Today, Elon Musk suggested that SpaceX will abandon its plans to land the company’s Dragon capsule on Mars — a mission the company had been aiming to do as early as 2020.
SpaceX will not fully develop the landing technique it was going to use to land the Dragon on Mars. Known as the Red Dragon mission, the capsule was meant to lower itself to solid ground using engines embedded in its hull, and then touch down gently on landing legs in a method known as propulsive landing. But Musk said the company will come up with another way to land vehicles on the Martian surface.
“I'm pretty confident that is not the right way. There's a far better approach.”
“There was a time when I thought that the Dragon approach to landing on Mars... would be the right way to land on Mars,” Musk said at the ISS R&D Conference in Washington, DC today. “But now I'm pretty confident that is not the right way. There's a far better approach. That's what the next generation of SpaceX rockets and spacecraft is going to do.” Musk did not explain what that approach would be, though, or which vehicles the company would try to land on Mars in the future.
Later, Musk tweeted that SpaceX is still going to try to do a propulsive landing on Mars at some point, just with a bigger vehicle.
The decision means SpaceX’s Dragon capsules will stick to landing with parachutes here on Earth, too. That’s the current method SpaceX uses to land its cargo Dragon capsule, a version of the vehicle used to deliver supplies to and from the International Space Station. The company has been working on an updated version of the capsule called Dragon 2 that will eventually carry people back and forth from the ISS, and SpaceX hoped to have that vehicle land propulsively with people on board. Musk said now that’s not going happen, since the company will not be adding landing legs to the Dragon 2.
Safety concerns prompted SpaceX to abandon the concept for Dragon 2. Specifically, Musk said that “it would have taken a tremendous amount of effort to qualify that for safety” with NASA. But it’s not clear if safety was the main reason for not landing the Dragon on Mars, too. The propulsive landing technique may have simply been too difficult to develop for carrying a crew on the Dragon, so SpaceX decided to just go with parachutes. It wouldn’t then make sense to use the Dragon to land on Mars.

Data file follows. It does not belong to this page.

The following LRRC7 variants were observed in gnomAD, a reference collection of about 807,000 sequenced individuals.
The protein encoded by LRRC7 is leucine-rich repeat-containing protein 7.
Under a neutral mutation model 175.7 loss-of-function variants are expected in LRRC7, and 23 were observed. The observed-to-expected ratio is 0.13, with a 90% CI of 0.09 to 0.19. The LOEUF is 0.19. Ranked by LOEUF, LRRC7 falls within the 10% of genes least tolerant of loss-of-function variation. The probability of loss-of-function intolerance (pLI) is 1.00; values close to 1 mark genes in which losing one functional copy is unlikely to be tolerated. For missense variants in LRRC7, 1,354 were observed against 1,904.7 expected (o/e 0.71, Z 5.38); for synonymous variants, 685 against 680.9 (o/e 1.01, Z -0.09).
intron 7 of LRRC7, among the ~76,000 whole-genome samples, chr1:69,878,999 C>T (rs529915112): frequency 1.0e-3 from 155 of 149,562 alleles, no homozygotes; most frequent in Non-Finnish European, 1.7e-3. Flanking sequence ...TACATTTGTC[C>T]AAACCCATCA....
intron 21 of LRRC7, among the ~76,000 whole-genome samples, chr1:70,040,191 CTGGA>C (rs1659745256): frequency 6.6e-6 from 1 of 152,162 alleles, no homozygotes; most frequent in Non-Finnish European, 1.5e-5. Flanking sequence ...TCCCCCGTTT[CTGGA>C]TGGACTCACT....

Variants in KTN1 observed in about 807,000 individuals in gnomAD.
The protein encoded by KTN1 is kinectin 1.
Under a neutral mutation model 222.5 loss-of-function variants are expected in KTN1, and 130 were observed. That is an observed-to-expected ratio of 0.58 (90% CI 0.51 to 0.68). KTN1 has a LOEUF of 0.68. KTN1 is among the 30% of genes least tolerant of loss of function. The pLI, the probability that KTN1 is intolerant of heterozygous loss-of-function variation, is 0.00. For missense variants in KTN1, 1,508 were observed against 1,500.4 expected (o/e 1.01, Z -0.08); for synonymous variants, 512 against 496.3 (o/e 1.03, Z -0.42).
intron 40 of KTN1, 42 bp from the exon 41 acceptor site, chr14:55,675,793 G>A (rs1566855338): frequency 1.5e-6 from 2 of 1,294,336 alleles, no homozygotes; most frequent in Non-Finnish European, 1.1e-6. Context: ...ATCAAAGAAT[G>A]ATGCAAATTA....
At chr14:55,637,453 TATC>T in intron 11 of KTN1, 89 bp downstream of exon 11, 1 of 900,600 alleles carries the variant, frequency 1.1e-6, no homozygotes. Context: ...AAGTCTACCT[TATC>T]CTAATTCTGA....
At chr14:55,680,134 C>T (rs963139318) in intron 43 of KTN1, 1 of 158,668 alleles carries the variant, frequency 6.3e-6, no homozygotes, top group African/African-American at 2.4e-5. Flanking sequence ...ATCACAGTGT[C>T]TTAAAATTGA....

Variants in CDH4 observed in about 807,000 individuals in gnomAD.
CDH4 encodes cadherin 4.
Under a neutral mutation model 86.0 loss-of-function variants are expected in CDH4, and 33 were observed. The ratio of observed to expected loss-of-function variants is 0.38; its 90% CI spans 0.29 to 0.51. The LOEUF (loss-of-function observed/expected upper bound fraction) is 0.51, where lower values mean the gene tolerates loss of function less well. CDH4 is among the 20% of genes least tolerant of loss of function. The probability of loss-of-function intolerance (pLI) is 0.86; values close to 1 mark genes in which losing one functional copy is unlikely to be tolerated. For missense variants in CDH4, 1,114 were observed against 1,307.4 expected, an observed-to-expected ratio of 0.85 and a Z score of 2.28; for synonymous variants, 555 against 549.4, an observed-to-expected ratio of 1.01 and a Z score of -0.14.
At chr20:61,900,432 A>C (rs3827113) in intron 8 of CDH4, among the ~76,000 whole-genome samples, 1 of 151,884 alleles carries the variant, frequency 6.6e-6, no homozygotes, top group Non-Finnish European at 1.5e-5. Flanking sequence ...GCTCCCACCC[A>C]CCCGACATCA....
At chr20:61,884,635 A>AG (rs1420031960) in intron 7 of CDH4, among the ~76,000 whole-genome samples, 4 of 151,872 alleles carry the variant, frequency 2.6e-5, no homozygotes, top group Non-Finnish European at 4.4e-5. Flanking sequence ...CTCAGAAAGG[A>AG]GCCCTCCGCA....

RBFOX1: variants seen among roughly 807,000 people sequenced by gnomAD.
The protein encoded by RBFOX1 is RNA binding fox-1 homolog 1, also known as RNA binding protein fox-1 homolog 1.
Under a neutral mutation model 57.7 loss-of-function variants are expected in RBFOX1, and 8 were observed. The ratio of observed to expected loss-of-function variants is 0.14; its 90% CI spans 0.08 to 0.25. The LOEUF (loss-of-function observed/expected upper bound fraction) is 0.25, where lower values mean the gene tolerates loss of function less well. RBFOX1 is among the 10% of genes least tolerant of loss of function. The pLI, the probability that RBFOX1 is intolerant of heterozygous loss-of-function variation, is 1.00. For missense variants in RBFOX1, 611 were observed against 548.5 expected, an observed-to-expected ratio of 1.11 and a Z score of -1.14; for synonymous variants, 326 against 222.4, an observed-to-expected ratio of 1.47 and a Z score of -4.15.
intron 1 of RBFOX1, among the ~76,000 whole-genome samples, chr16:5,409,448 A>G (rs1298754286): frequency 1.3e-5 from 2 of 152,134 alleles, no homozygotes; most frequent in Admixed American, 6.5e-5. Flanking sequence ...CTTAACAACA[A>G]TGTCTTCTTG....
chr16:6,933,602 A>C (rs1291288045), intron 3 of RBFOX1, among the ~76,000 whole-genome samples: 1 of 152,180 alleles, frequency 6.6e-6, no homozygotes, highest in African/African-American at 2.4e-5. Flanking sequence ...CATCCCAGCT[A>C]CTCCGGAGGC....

Musk said the Dragon 2 will still be capable of landing propulsively, though. That’s because the engines it would need to do the landing will still be installed on the capsule. The engines are crucial for the Dragon’s abort system: they can fire up if there’s an emergency during launch and carry the capsule — and its crew — up and away to safety. However without landing legs, landing with the engines would be extra difficult to pull off. “You'd have to land it on some pretty soft landing pad,” he said.
“it doesn't seem like the right [way] to apply resources right now.”
Of course, Musk did hint that SpaceX has not completely abandoned this landing concept, and that the company could bring it back later, but “it doesn't seem like the right [way] to apply resources right now.”
Musk also announced that he may update his Mars colonization plans at the upcoming International Astronautical Congress in Adelaide, Australia, this September. He didn’t say much about what has changed except that the huge rocket SpaceX hopes to build for the endeavor is going to be a little bit smaller than its original design.
Musk also brought up another rocket that SpaceX has been working on for many years: the Falcon Heavy. The vehicle, which is essentially three Falcon 9 cores strapped together, is supposed to fly for the first time later this year. But Musk made sure to lower people’s expectations about the rocket’s first flight. He’d consider the flight a success if it doesn’t burn up the launchpad; the Falcon Heavy likely won’t reach orbit during its maiden voyage, according to Musk. He also had an adjective for the customers whose payloads are slated to fly on the Falcon Heavy’s first flight: “brave.”
Update July 19th, 5:20PM ET: This article was updated to include a tweet from Elon Musk.